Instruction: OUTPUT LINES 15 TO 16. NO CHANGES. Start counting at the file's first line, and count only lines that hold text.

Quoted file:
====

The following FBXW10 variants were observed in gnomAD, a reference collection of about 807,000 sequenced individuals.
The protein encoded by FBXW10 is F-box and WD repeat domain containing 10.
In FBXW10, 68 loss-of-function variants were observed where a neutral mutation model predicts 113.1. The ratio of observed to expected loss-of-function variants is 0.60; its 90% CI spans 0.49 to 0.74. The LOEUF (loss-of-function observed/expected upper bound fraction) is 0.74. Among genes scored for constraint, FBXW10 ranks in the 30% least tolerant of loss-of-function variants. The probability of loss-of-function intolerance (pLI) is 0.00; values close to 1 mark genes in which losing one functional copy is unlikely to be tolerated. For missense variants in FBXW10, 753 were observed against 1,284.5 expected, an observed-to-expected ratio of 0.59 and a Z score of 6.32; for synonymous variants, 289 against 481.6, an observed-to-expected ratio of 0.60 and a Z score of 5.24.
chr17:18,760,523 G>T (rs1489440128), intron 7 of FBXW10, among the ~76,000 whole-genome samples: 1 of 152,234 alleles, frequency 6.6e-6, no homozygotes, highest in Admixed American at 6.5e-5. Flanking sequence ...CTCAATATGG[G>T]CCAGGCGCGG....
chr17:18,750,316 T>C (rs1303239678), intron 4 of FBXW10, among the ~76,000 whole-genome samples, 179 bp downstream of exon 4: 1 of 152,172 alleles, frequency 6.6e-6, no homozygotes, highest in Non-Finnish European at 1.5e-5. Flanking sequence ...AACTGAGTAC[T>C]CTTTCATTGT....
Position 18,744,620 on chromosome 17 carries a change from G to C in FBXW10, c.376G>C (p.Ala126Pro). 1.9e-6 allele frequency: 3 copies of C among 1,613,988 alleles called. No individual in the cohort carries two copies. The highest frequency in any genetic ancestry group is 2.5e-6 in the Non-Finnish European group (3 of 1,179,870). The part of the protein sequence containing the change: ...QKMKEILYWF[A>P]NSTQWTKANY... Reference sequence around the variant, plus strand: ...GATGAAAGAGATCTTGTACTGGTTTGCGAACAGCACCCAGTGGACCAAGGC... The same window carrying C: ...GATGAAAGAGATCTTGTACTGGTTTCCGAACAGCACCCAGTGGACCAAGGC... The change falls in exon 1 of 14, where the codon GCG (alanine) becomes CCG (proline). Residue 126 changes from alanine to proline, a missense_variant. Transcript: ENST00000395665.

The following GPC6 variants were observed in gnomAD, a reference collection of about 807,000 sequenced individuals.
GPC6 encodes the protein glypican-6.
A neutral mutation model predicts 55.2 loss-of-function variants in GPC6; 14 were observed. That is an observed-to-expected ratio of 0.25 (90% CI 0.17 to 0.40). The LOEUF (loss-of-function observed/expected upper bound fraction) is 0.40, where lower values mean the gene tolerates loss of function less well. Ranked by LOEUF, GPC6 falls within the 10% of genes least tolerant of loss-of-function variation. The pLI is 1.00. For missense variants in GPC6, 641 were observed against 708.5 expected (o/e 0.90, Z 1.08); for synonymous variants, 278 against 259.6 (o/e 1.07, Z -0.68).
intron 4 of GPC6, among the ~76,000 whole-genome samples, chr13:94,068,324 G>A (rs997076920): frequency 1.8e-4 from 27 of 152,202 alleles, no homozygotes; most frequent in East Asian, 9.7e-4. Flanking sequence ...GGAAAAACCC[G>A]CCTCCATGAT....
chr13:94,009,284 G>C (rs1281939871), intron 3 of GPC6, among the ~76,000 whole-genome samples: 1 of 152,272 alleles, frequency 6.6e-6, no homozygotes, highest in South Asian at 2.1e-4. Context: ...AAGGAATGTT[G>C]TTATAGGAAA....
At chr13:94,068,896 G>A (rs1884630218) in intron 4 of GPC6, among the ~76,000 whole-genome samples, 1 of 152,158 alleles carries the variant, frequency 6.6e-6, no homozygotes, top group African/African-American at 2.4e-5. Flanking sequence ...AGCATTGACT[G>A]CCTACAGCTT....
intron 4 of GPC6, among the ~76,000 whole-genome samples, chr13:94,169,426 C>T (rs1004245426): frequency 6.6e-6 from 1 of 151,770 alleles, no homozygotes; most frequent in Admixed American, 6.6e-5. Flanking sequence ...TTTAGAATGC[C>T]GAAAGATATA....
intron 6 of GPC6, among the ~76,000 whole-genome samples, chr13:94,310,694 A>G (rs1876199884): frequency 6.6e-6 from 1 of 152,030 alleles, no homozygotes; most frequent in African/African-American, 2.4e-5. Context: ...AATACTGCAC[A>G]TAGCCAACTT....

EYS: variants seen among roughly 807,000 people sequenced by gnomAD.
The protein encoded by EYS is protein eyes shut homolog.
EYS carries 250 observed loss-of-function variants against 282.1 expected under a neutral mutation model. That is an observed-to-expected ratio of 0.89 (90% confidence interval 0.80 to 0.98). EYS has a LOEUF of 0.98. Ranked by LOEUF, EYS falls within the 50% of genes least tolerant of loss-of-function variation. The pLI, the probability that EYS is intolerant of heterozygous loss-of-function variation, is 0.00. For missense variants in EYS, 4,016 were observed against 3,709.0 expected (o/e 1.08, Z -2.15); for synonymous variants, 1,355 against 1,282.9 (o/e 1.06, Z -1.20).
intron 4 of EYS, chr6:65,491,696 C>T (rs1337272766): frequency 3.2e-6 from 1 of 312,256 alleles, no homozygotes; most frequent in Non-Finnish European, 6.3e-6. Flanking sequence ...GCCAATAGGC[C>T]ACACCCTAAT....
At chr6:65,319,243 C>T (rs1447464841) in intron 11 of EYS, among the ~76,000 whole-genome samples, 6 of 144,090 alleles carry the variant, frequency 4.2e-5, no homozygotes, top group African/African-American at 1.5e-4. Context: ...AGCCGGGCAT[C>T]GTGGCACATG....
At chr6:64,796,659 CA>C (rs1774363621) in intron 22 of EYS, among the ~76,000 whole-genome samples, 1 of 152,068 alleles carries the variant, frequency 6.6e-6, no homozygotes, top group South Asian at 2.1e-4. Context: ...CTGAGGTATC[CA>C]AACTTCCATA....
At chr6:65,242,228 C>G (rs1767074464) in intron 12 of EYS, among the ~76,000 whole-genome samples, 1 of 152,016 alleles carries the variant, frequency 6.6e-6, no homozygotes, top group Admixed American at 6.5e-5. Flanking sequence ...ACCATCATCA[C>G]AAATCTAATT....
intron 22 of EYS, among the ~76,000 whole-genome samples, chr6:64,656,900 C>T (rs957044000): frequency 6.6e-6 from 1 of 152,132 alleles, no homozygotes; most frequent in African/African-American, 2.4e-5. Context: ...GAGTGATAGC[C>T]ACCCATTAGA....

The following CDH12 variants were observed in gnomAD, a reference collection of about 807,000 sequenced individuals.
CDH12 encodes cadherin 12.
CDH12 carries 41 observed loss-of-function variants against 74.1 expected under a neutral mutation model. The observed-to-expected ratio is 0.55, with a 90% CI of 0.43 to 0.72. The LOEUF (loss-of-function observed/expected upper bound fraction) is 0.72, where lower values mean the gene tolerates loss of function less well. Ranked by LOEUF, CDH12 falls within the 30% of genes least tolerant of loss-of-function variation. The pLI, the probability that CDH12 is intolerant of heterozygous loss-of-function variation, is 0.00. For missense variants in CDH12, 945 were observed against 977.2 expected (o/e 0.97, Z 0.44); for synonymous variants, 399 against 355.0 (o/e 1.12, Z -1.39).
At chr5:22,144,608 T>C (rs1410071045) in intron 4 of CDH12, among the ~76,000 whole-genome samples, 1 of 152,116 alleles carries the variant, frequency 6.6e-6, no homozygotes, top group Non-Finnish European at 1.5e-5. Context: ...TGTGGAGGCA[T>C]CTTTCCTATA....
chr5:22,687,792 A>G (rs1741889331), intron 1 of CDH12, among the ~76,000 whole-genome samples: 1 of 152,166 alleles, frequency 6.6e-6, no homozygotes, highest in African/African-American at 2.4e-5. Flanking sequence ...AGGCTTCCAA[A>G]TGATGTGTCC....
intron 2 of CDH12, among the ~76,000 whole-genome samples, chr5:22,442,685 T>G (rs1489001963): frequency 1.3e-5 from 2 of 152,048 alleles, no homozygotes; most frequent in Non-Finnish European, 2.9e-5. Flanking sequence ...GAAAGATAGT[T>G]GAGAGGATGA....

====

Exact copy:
EYS: variants seen among roughly 807,000 people sequenced by gnomAD.
The protein encoded by EYS is protein eyes shut homolog.